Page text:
Anarchy vs. London Olympics: Radicals prepare war on ‘police state’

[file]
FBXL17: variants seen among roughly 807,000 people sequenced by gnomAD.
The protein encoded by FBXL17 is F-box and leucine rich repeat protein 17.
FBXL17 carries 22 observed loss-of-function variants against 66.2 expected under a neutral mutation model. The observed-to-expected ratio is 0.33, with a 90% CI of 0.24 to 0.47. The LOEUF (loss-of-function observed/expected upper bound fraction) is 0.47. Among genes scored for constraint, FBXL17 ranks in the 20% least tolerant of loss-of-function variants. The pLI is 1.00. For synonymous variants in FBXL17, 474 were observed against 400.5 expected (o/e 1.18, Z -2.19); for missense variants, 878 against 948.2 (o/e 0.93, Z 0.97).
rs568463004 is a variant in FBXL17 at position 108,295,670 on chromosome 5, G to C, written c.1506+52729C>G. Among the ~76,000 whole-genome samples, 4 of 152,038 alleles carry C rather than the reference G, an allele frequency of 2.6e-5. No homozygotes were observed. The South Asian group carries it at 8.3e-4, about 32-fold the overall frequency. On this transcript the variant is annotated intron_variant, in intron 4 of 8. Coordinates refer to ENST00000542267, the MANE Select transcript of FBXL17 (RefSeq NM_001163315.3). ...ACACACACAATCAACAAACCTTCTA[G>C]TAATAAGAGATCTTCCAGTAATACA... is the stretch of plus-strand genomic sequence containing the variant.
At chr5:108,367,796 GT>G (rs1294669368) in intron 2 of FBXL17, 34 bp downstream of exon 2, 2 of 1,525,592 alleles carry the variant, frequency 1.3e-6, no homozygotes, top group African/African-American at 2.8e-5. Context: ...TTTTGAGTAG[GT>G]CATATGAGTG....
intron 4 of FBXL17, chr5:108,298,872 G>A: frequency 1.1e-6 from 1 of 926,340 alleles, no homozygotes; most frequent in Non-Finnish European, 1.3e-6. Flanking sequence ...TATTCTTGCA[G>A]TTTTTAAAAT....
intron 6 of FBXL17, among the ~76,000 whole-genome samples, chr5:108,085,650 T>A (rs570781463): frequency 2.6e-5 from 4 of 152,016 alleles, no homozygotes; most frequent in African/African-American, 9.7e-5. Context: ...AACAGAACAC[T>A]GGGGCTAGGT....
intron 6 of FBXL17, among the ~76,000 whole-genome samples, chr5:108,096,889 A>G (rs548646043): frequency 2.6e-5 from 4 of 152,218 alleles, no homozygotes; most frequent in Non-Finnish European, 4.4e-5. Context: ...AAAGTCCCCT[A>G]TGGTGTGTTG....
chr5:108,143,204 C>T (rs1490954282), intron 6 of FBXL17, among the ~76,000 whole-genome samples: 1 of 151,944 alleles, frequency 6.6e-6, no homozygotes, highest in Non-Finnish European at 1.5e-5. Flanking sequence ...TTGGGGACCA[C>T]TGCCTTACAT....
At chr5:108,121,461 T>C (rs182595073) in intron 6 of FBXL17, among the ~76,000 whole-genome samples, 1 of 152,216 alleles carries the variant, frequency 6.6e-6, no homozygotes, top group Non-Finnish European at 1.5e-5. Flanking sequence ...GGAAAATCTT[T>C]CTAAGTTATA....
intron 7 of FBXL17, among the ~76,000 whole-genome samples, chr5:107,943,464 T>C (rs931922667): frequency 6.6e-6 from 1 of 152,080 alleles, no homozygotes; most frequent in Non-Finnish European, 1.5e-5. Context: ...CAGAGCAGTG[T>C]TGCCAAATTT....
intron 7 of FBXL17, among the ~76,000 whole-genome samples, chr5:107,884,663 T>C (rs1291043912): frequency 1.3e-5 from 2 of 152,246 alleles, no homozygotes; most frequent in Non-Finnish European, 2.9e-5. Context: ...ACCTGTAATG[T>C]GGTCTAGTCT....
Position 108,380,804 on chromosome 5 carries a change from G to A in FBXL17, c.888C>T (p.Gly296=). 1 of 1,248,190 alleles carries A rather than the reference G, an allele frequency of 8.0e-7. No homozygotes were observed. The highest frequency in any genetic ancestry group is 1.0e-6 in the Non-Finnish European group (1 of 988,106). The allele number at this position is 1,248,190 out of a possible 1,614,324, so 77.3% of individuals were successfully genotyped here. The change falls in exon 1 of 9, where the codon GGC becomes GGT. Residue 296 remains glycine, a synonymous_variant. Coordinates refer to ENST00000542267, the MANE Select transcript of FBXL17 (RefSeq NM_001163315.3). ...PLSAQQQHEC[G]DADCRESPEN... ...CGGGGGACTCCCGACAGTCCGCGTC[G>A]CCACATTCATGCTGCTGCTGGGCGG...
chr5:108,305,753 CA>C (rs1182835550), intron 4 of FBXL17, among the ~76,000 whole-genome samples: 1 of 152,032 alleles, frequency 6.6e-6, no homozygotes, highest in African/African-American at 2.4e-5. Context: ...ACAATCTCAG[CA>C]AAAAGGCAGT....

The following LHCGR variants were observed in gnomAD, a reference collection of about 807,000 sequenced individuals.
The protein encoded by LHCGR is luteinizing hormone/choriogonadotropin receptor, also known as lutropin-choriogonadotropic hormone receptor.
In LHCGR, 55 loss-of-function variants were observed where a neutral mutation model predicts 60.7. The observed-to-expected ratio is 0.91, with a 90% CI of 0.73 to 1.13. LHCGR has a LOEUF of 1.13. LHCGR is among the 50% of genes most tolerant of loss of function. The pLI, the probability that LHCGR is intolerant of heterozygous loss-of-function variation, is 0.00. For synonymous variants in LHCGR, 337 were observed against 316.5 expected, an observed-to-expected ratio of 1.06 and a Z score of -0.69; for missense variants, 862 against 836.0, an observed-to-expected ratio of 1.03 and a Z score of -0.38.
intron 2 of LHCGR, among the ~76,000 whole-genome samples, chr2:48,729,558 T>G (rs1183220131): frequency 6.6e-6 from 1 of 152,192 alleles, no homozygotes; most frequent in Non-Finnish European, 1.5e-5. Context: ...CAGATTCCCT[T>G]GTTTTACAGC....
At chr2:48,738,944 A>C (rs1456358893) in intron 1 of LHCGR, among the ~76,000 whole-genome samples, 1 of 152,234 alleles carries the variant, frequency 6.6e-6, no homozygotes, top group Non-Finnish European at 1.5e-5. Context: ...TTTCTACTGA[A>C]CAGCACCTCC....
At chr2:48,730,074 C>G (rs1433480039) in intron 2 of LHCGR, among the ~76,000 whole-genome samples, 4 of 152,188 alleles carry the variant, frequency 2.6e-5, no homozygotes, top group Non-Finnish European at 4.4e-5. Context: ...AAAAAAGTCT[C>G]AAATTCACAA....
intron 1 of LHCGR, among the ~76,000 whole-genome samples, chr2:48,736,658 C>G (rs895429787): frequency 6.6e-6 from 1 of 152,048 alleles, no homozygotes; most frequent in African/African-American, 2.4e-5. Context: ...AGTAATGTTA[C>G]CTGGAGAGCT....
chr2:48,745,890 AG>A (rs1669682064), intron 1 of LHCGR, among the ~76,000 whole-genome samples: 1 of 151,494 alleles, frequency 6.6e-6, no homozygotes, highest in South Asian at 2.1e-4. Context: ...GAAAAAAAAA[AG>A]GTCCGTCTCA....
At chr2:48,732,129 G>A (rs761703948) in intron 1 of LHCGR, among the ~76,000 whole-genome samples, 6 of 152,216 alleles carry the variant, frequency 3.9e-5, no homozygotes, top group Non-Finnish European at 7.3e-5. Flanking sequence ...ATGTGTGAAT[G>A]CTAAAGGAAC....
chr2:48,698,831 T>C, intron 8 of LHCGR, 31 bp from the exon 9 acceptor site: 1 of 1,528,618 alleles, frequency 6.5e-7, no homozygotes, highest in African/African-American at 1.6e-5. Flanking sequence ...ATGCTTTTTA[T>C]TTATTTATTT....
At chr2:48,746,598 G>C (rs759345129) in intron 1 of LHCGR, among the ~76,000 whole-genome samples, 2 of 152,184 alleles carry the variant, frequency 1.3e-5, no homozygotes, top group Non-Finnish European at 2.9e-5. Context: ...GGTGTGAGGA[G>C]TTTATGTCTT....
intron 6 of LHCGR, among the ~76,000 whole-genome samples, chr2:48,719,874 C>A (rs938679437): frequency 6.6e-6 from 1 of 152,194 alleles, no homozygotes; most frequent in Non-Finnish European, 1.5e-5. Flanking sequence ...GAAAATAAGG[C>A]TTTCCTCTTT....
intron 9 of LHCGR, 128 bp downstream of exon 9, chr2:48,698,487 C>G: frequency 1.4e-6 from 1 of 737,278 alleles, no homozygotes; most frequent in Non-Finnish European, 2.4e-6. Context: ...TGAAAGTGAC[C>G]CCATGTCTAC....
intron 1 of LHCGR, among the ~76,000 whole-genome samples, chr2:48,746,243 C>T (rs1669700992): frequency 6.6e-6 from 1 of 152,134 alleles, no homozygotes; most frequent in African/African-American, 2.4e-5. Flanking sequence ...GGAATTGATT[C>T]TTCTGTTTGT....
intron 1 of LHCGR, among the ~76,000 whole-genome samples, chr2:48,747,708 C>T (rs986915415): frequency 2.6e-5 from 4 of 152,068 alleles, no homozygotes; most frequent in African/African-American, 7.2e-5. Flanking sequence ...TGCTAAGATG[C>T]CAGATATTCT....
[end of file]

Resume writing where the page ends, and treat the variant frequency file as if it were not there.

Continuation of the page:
On the eve of the Olympic Games, the Federazione Anarchica Informale (FAI) seems fired up by unprecedented security measures being taken by British police. The British cell of the Italian anarchist group finds the “escalating police state frankly offensive.”In line with their ideological convictions, the Games set for July are viewed as a rightful cause to act.“We have no inhibition to use guerrilla activity to hurt the national image and paralyze the economy however we can. Because simply, we don’t want rich tourists – we want civil war,” reads a statement on their website.The same very statement has been used to justify a rash of recent offences currently being investigated by UK police.Last Tuesday, railway services were severely disrupted in Bristol, a prominent city in England’s south-west, after cables were set on fire. The perpetuators had to remove protective concrete slabs to access the lines.It followed an attack on April 11, when several police stations in the same area were forced off the air. A police radio broadcasting mast on Dundry Hill was also damaged. The FAI statement said it “specifically chose” targets in Bristol as the Ministry of Defense has located several installations nearby. A local business park of “military industry companies” such as Raytheon, Thales and QinetiQ can also be found there.“If they are serious about trying to disrupt the Olympics by using simple techniques such as these, they are capable of causing utter havoc,” admits a private sector security consultant.The Olympics security bill tops £1 billion ($ 1.6 billion), with the Royal Air Force in London’s airspace promising to shoot down passenger jets if required. Troops armed with surface-to-air missiles and warships will also be in place to do battle on the Thames. Still, most of this is to prevent Al Qaeda-style terrorist attacks, not “a low-intensity war” as promised by the FAI.Sabotaging UK transport system during July games, especially at another end of the country, has the potential of severely hampering travel during a critical period. But the FAI could go further than that, as they are also known for sending letter bombs to officials and carrying out drive-by attacks. In a recent instance, two motorcyclists shot a chief executive of a nuclear power company in the kneecaps in the Italian city of Genoa a fortnight ago.